Saturday, February 7, 2015

DIY Fly Fishing Argentina: Patagonia Dry Flies...Go Small Amigos!

How to search this blog for helpful information?  Use the blog search engine and type in key words such as Float Trip, Walk-Wade, Float Tube, Lessons, Pesos, Fy Rods, Flies, Best Months, etc.  The search engine is located on the right side, just below the weather.  FYI, there are over 100 post about fishing Patagonia... the information you are looking for, is probably on this blog. Thanks.

Based on my experience, the majority of anglers visiting Patagonia will use dry flies, day after day. The dry flies of choice tend to be the big exotic types.  They work, but not in all situations/conditions. For instances, when examining water temperature, elevation, humidity, hatch, feeding patterns, and light; at times, I would argue that a set of dry flies in the #18-#24 size would be a better choice. Allow me to explain.

We offer several DIY float/camping programs, but we also specialize in DIY walk-wade programs. Regardless of our program you may find yourself in a situation/condition where the big exotic dry fly will not work.  In fact, it might be the worse choice, and ruin your chance of catching a trophy fish. Let's brief talk situation and conditions:

Situation & Condition

  • On many of our DIY walk-wade programs we are fishing early A.M., which generally means temps are cool.   From my experience, you'll do much better with small dries.  My personal favorites are a variety of caddis flies with CDC, ranging from #18-#22. I also come to Patagonia with a variety of standard Elk Hair Caddis.  Bleached, brown/cinnamon will work perfect. 
  • If your fortunate to find trout sipping flies, perhaps behind a Willow, and if you can get a good cast/drift, think small!  
  • Reverse Water Flow/Eddies: I have had good success using an Airlflow poly-leader (hover or intermediate sink). Before using this technique, I study the flow of the water and the feeding habit/cycle of the trout; then I make the decision to use a poly-leader or not.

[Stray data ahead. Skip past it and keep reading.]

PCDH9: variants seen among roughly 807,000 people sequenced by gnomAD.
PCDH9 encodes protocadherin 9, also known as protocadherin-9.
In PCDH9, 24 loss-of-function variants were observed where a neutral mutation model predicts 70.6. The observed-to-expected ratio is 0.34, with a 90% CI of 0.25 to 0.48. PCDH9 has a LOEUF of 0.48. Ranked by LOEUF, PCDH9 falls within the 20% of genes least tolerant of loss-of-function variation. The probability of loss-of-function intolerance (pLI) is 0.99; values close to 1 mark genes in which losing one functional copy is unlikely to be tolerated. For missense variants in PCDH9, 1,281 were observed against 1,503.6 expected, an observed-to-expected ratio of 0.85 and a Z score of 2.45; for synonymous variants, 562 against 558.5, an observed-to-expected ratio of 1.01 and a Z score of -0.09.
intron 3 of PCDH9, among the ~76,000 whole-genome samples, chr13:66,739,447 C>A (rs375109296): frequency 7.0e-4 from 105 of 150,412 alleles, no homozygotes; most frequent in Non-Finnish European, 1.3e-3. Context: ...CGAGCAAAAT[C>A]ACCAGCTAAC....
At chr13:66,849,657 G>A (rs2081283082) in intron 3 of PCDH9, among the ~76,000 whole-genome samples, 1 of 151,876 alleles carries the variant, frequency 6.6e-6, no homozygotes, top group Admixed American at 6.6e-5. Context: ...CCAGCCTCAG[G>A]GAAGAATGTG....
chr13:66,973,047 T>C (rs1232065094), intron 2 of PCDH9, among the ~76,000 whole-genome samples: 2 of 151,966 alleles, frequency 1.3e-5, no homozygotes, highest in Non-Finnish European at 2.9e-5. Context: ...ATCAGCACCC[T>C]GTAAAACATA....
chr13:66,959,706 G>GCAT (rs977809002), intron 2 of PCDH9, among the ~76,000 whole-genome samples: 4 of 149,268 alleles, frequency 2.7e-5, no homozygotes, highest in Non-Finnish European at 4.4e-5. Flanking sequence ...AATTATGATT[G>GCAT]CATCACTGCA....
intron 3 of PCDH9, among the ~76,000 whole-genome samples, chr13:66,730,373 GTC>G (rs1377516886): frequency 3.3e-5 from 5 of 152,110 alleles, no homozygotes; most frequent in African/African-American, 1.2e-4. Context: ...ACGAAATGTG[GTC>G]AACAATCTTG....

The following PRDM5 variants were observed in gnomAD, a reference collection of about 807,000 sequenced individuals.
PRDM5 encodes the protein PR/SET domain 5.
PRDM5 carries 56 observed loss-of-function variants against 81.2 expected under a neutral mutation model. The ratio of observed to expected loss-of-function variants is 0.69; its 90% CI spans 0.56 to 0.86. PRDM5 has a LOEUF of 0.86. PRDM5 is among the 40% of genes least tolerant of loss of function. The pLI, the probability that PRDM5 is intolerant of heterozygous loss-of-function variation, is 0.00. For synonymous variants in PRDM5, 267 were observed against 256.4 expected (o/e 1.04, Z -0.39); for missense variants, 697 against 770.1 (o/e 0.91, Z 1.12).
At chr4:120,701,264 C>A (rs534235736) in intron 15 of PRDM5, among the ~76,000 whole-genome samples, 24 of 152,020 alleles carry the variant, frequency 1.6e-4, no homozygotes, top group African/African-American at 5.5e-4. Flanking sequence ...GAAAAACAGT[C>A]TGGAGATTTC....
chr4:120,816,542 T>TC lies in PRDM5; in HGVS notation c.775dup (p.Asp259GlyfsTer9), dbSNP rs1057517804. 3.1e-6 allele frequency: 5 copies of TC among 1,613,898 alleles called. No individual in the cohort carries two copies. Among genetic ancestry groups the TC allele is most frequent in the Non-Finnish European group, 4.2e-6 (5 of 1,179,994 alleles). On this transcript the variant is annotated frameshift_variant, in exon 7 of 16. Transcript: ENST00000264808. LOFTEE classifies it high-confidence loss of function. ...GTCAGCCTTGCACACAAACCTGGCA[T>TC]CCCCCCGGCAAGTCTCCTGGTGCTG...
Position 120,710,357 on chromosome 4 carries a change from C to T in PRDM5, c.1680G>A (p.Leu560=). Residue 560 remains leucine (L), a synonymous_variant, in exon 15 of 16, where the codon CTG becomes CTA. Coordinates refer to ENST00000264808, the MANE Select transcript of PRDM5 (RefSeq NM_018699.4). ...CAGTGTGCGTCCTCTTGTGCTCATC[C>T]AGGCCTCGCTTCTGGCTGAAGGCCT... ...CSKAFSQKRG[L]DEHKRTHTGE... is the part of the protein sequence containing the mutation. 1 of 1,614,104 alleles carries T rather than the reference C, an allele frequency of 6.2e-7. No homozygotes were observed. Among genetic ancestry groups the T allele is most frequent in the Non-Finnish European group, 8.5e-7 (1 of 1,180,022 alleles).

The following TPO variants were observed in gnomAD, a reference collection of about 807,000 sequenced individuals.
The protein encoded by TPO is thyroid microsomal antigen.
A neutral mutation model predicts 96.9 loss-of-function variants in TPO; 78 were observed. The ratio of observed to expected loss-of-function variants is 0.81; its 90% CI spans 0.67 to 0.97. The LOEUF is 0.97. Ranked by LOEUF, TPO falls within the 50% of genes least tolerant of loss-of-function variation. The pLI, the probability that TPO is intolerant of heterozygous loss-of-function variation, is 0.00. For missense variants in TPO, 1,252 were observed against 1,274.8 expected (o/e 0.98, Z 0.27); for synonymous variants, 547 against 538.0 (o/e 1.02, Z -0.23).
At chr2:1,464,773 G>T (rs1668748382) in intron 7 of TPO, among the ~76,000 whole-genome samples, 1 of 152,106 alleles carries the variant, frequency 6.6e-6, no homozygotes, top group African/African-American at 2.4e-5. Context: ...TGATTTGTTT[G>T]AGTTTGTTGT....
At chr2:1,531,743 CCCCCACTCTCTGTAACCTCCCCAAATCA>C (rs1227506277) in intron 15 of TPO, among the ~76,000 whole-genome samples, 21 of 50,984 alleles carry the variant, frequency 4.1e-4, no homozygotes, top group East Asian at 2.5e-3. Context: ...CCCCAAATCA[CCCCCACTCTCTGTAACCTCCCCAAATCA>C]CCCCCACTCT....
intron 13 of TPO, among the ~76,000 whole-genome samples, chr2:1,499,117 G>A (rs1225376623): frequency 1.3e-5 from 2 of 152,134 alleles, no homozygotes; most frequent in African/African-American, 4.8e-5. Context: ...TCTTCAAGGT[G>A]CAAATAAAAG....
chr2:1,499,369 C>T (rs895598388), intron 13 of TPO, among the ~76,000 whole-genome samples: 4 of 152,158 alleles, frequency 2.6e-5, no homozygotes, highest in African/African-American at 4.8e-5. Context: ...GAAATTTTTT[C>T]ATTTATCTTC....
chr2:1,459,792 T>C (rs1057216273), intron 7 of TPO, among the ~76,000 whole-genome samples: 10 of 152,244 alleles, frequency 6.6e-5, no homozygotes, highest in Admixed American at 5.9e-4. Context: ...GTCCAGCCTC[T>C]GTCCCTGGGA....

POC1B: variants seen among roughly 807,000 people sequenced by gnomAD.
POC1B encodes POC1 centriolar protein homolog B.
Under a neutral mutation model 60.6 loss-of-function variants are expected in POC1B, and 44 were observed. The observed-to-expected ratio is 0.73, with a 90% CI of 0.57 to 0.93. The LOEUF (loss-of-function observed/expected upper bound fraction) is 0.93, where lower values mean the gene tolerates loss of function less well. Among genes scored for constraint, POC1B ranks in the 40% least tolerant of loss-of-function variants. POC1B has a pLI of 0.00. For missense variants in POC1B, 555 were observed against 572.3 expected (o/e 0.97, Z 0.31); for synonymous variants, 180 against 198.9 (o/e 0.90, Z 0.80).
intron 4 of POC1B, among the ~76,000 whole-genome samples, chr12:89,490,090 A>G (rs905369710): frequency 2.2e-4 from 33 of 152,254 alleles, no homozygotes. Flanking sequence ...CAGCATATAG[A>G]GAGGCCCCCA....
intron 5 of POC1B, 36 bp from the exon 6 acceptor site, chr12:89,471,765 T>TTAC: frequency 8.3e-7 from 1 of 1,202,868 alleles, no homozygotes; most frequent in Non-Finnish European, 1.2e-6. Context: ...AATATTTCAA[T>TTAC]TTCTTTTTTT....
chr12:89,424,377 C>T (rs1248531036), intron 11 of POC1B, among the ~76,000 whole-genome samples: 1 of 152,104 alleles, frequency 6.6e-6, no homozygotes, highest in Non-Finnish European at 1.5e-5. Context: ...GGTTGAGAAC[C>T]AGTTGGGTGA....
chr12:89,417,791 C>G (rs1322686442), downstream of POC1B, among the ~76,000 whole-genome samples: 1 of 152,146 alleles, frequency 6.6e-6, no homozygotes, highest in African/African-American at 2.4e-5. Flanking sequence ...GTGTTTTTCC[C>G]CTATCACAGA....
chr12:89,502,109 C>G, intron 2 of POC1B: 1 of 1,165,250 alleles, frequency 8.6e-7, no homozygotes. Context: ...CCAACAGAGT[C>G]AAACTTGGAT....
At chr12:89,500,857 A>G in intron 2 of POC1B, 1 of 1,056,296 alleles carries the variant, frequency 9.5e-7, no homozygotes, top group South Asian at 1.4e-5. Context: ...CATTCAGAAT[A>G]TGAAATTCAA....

• On our 2 day/1 night float-camp on the lower Chimehuin, we have plenty of time to stop and explore side channels. These side channels (mini-aquariums) can be filled with HUGE fish. From my experience, they will not take a big dry fly; in fact, you'll spook them.  Again, think small.  Your biggest challenge will not be picking the right dry fly, it will be controlling your breathing, body movement (presentation) and praying that you 5X-6X tippet will hold the 4-8lbs trout that you are stalking.  In such tight quarters, I have gotten my fanny kicked many times! 




There is no way this trout would take anything less than #18.  In fact, in this situation, a #18 is a BIG fly... I got lucky :)

Final Word

As the only DIY outfitter in Patagonia, competing in a market dominated by lodges and global sales agents, we know we are the fly on the elephant's ass... a small fly, size #20!  In the world of big exotic dry flies, we know the majority of anglers may question and doubt the information that we share.  We know anglers gossip and may discredit our advice and the services that we provide. Honestly, we are more than OK with this.  We like doing things differently, and more importantly, our clients love it.

As always, thanks for reading and hope to see you Patagonia.

Abrazos Amigos,

Mark


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